Japanese trading house Itochu has invested £5 million (US$7.04 million) into UK-based energy storage and related services provider Moixa, which will enable Itochu to add Moixa’s ‘GridShare’ aggregation platform to its own suite of battery storage solutions.
Stem Inc, self-described as a supplier of “artificial intelligence-powered” energy storage, which deployed a system on average every two days last year, has closed a US$80 million Series D financing round.
Well, we seem to say it at the end of every year, but 2017 seemed a lot busier than 2016, 2016 was busier and more exciting than the year before that, and so on! There have been some hints already on what the industry and its observers expect to see in 2018 and we do not doubt energy storage will continue in its rise to become a flexible cornerstone of the world’s electricity infrastructure. In the meantime, let’s reflect on the top news stories of last year, as reported by Energy-Storage.News and based on readership statistics from you:
A 250-home ‘virtual big battery’ was switched on in Canberra, Australia last week, allowing residents to sell solar-generated power at a significantly higher price than available to them through feed-in tariff (FiT) policies.
We often hear about California's leading position in solar and latterly in energy storage. Perhaps lesser known than direct policy support for energy storage and renewable technologies is the way California's network operator (CAISO) is starting to reconfigure how it procures demand response, with a positive impact for energy storage - and particularly behind-the-meter assets, as Ted Ko, policy director of Stem, explains.
Residential energy storage system developer Sunverge Energy has appointed Martin Milani to the role of chief executive officer.
In its home territory of Germany, energy storage provider Sonnen is making a play to replace utilities, but its business models in the US will instead emphasise cooperation with existing energy suppliers.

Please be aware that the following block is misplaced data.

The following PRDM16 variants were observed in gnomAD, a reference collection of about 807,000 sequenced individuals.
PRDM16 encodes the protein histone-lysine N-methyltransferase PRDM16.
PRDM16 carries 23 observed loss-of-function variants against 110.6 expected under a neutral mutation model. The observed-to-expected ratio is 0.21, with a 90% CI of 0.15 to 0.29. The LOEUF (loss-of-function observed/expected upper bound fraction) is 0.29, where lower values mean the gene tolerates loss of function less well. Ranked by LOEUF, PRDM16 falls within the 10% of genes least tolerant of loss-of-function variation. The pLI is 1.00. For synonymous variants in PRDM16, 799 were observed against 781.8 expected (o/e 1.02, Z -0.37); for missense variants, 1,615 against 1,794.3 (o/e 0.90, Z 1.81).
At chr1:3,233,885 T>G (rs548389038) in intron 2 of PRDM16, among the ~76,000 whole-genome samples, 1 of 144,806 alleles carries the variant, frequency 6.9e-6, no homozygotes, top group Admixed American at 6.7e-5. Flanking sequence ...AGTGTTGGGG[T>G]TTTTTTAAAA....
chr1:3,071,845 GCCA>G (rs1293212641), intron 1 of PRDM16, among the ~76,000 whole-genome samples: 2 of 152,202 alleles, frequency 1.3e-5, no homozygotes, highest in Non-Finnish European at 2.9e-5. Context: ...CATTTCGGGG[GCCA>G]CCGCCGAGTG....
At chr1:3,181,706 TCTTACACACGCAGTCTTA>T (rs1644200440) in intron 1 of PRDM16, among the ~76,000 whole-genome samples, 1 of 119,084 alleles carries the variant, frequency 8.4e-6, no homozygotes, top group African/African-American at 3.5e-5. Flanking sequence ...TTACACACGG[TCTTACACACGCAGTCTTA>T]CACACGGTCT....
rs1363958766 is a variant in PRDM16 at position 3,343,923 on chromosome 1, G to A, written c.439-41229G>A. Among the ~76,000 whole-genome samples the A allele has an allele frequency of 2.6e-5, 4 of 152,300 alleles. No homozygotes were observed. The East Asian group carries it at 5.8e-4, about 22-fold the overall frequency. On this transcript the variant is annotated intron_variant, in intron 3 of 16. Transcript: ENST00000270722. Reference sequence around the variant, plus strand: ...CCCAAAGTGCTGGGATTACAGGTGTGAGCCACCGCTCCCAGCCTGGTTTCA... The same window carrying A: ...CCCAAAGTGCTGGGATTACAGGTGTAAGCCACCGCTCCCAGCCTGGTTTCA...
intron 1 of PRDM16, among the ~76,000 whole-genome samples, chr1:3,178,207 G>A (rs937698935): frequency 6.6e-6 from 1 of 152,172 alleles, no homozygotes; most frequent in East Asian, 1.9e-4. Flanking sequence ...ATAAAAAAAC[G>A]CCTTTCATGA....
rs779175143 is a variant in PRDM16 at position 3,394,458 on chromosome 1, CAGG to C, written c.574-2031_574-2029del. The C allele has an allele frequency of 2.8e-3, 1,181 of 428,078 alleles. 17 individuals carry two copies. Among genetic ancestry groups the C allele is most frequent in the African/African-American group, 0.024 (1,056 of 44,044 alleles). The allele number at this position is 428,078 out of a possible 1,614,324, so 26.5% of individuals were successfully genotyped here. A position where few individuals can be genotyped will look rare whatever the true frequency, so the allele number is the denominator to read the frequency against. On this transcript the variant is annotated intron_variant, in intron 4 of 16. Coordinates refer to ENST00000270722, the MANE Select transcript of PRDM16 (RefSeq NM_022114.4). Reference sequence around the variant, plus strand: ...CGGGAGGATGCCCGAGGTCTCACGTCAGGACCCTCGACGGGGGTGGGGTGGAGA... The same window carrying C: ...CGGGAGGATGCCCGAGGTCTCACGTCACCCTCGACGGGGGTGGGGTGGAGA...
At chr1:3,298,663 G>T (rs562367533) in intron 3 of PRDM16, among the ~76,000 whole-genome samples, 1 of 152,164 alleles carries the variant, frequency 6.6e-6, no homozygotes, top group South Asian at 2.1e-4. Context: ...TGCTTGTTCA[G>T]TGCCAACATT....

Energy storage services provider Peak Power will supply control platforms to 6MWh of energy storage projects in Ontario and New York, some of which will be funded by Sustainable Development Technology Canada (SDTC).
On the back of rapidly decreasing costs for energy storage and solar photovoltaics (PV), consumers wishing to achieve a low-cost and reliable supply of power are considering grid defection—or at least, partial grid-defection—as an increasingly attractive alternative. Julian Jansen, analyst at IHS looks at the economics of grid defection in Europe today and in the future - and how its proliferation could impact the energy industry as a whole.
Sonnen is looking to sign up 2,000 Australian customers this year for SonnenFlat, where households sign up to pay a monthly ‘flat rate’ for power while their batteries are used to benefit the local grid.
Stem Inc. will build a 4.2MWh energy storage project on the California State University (CSU) Dominguez Hills campus to help the institution save on energy costs.
Tesla has announced the first programme to aggregate the capabilities of hundreds of its residential and commercial stationary storage systems in a partnership with Vermont utility Green Mountain Power.
Energy efficiency solutions provider and energy storage developer Anesco is to partner with "technology-driven utility" Limejump to deliver 185MW of energy storage capability in the UK into August’s capacity market, with plans for the units to be brought online by the end of 2018.